BI sought to vacate the portion of the award denying attorney fees and costs.
Denial of fees and costs upheld. The court noted that arbitral awards turning on construction of a contract must be confirmed even if a reviewing court has serious reservations about the arbitrator’s reading of the contract. The court then pointed out its reservations. BI’s counterclaims were for breaches of the licensing agreement provisions regarding service marks and advertising (Articles 5 and 8). The licensing agreement stated that BOT agreed to pay attorney fees and costs incurred by BI in connection with the enforcement of Articles 5 and 8. BI established the breaches in the arbitration and obtained a ruling upholding termination as a contractual remedy. Had the court been considering the issue de novo, it would "assuredly" have ruled for BI.
However, the question before the court was whether the panel’s construction had at least an anchor in the terms of the licensing agreement. The panel construed "enforcement" in Article 8.5 and concluded that BI sought to terminate the agreement, not enforce it, and that the arbitration was commenced by BOT, not by BI seeking to enforce the agreement. The panel essentially distinguished between enforcing a provision and evaluating a termination of the agreement based on breaches of the provision. While the court found that to be a questionable interpretation, the panel had articulated at least a barely colorable justification for its interpretation and therefore, the court was required to uphold it.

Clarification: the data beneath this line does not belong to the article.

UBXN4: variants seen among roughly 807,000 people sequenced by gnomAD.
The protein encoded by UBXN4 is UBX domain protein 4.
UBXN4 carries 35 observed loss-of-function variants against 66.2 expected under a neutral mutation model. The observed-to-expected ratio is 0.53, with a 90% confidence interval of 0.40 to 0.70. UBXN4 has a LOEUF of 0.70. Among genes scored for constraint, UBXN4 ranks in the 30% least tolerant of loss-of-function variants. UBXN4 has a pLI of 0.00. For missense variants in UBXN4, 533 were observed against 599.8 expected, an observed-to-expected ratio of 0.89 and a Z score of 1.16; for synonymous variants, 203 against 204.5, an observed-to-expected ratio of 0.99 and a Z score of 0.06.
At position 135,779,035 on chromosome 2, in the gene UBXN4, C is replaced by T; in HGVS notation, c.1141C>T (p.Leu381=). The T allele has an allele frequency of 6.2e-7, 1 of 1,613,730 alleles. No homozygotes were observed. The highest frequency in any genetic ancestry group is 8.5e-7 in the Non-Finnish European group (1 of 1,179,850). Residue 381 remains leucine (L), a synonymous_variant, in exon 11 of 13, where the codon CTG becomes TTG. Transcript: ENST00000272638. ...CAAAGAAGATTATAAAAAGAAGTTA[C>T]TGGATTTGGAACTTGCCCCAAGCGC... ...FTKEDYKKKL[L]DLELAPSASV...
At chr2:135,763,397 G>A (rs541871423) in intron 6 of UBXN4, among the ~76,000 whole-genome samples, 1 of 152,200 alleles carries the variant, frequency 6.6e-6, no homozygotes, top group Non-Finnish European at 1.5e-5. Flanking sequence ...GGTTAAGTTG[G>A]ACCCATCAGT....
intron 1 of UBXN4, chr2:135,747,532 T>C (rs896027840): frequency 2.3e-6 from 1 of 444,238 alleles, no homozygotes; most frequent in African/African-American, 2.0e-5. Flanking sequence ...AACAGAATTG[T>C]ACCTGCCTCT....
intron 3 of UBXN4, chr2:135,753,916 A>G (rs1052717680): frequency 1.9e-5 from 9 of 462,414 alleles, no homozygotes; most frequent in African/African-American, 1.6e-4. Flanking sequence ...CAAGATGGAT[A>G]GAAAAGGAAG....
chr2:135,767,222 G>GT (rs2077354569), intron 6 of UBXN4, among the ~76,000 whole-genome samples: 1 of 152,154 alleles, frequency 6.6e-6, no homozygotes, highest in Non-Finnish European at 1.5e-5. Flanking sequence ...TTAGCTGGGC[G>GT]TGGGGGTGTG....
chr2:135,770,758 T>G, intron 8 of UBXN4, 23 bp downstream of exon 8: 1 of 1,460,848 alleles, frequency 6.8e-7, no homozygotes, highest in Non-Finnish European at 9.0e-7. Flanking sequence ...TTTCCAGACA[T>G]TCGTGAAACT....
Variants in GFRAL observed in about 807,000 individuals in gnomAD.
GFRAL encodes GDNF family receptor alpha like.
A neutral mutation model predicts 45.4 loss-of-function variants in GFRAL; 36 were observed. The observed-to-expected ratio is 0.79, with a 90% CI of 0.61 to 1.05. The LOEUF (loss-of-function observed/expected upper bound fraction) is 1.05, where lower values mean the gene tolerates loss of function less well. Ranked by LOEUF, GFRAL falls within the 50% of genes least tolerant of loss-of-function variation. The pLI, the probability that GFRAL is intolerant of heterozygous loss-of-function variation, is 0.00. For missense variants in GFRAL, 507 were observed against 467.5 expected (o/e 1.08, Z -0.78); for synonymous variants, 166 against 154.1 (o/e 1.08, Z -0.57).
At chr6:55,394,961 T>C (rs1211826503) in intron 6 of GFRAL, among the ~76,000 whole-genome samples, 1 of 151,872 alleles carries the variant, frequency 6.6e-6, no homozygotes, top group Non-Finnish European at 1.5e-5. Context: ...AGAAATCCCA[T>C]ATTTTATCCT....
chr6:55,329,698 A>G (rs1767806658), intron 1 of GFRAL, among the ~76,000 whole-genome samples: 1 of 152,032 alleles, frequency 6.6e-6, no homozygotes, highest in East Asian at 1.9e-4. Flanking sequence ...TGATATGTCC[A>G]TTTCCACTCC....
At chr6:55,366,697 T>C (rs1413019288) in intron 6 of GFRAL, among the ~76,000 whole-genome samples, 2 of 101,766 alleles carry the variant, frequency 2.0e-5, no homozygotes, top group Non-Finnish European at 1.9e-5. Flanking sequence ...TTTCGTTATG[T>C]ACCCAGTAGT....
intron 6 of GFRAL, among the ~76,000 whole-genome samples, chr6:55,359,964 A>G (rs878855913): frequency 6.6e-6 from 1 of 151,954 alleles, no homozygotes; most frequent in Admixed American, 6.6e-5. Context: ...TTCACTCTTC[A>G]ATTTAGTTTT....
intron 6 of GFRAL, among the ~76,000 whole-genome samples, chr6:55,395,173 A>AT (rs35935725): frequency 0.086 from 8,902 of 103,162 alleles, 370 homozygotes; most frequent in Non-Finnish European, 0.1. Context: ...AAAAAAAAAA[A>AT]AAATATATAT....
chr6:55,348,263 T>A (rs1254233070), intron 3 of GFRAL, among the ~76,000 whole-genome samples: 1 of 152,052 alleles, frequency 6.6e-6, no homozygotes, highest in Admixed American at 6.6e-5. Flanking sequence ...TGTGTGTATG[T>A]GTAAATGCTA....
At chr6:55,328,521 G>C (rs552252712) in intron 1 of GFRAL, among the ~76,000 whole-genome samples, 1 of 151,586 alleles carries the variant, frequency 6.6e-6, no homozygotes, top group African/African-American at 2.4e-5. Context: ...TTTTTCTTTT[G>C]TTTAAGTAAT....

The panel also justified its decision because of the cost to BOT of the termination and benefit to BI of regaining the Benihana trademark in Hawaii. BI argued that this justification was not based on language in the licensing agreement and should therefore be vacated. But the court found that the panel’s cost/benefit justification was merely an alternative basis for its fee denial, and was not necessary to its decision. In addition, there was at least an arguable contractual basis for the justification. The agreement provided that only "reasonable" attorney fees would be awarded. The panel’s assessment that terminating the franchise agreement would result in a financial windfall to BI could have informed its evaluation of reasonableness.
This case is No. 1:18-cv-07506-PAE.
Attorneys: Nicole L. Gueron (Clarick Gueron Reisbaum LLP) for Benihana Inc. Jeremy Wyeth Schulman (Schulman Bhattacharya, LLC) for Benihana of Tokyo, LLC.
Companies: Benihana Inc.; Benihana of Tokyo, LLC
MainStory: TopStory FranchisingDistribution NewYorkNews
Interested in submitting an article?
Submit your information to us today!Learn More
Antitrust Law Daily: Breaking legal news at your fingertips
Sign up today for your free trial to this daily reporting service created by attorneys, for attorneys. Stay up to date on antitrust legal matters with same-day coverage of breaking news, court decisions, legislation, and regulatory activity with easy access through email or mobile app.